31  Rapidly rising granite diapirs

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Until a short time ago, most geologists were convinced that granite magmas move only very slowly in the form of rising diapirs from the lower crust to its final position location in the granite stock (Pluton). More recent observations of the rock composition and structure, laboratory measurements of the Earth’s crust as well as fluid dynamic calculations show that the magmas in most cases flow upwards up to 100,000 times faster than previously thought. It therefore speaks for itself that many diapirs, which to date have been ascribed an age of millions of years, are, in reality, very young.

Granite is a fine-to-coarse textured crystalline rock, mostly light in color, with a high silcon content.

A diapir is the general term for a concentration material of low viscosity, circular at the base and mushroom-shaped at the top, which, due to upwardly pushing forces, rises through its high viscous surroundings. In addition to granite diapirs, we also talk of salt diapirs.

The formation of granite:
Hot magma rises to within a few kilometres below Earth’s surface and usually forms an irregularly-shaped body of granite, also called a Pluton. Certain minerals already crystallise during this activity. However, the largest proportion of the mixture crystallises at the place of the intrusion during cooling. A batholith is formed if, over the course of time, several granite stocks accumulate in a small area.  

Processes with nongeologically high progress:

Calculations have shown that an average molten mass can be transported in forty-one days through a 6 m wide and 30 km long Dike*. Thus, a batholith of 6,000 km3 can form within only 350 years. A bit by bit filling over tens of thousands of years is impossible because the traces of such a process are missing. At the interface between old and young granite stocks, the old “cooled” stock would be reheated and re-crystallised by the newly arriving hot one. Thickness and signs of reheating in the surrounding rocks of feeder-dikes** confirm this conclusion.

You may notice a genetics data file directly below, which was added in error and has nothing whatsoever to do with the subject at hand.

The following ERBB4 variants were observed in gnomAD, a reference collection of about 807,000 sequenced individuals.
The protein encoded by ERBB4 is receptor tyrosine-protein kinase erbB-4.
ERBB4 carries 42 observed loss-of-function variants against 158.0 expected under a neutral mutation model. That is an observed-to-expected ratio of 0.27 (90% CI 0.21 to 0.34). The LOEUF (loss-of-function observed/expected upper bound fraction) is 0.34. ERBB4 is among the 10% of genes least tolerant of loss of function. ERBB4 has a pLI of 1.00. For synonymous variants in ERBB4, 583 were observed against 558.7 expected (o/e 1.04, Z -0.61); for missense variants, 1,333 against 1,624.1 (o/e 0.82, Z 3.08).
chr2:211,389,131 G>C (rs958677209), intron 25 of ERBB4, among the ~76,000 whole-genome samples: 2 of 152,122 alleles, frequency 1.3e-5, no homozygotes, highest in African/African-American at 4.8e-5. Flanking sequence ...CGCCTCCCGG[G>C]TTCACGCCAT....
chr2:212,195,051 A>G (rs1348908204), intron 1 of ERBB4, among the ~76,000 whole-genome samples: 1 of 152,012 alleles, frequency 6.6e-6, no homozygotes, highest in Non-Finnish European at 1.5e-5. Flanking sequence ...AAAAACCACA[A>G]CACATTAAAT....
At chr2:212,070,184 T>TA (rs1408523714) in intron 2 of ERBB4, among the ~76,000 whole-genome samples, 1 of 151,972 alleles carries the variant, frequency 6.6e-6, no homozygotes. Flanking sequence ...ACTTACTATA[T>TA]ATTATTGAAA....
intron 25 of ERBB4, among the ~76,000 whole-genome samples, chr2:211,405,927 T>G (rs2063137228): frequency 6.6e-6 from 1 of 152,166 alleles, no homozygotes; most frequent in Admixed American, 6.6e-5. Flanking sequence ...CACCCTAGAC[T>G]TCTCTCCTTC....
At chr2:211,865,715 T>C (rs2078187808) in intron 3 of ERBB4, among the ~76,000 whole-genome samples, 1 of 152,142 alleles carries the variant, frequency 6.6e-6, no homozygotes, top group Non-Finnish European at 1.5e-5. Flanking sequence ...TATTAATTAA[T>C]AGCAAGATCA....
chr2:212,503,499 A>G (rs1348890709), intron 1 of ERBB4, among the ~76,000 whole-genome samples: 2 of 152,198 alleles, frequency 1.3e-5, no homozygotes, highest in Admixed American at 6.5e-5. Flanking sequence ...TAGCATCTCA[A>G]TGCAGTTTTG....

In certain cases, chemical analyses show that no chemical balance could be achieved between the molten mass and the remaining rock in the source area before the magma was withdrawn. If, in a short amount of time, a lot of magma formed in a narrowly delimited area under the Earth’s crust, and the material experienced chemical homogenisation either before segregation or at the time of intrusion, these observations make sense.


A very strong indication for fast transportation is the mineral epidote, which is found in some batholiths. Epidote is only stable when it is about 20 km below the Earth’s surface and in contact with magma. According to experiments, 0.5 mm grains of epidote from the Front Range disintegrate when they make their way into the upper crust in fifty years at 800 ºC. In the case of White-Creek-Batholith, a flow rate of at least 700 m a year has been calculated based on the size of the grains found at the assumed temperature and depth, before the ascent of the magma. Thus, the creation of a batholith in decades to centuries is definitely realistic. 

Fast intrusion of granite molten mass through dikes:

The controversy concerning magma transportation is in full swing (1). In spite of many gaps in knowledge, it can be established with remarkable clarity, that within the Earth’s interior, large-scale processes are taking place, or at least have occurred for certain periods of the Earth’s history, which are many magnitudes faster than the typically-estimated geological rates, such as the movement of plates in plate tectonics (presently several centimetres per year).

* Dikes are very extensive bodies of plate-like magmatic rock which fill in the larger fissures and cut or traverse the surrounding rock.

** Dikes, which act as feed channels for plutons, have been given the name “feeder-dikes.”

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(1) Franz Egli-Arm, Studium Integrale, April 1998, pages 6–16, http://www.wort-und-wissen.de/index2.php?artikel=sij/sij51/sij51-2.html.

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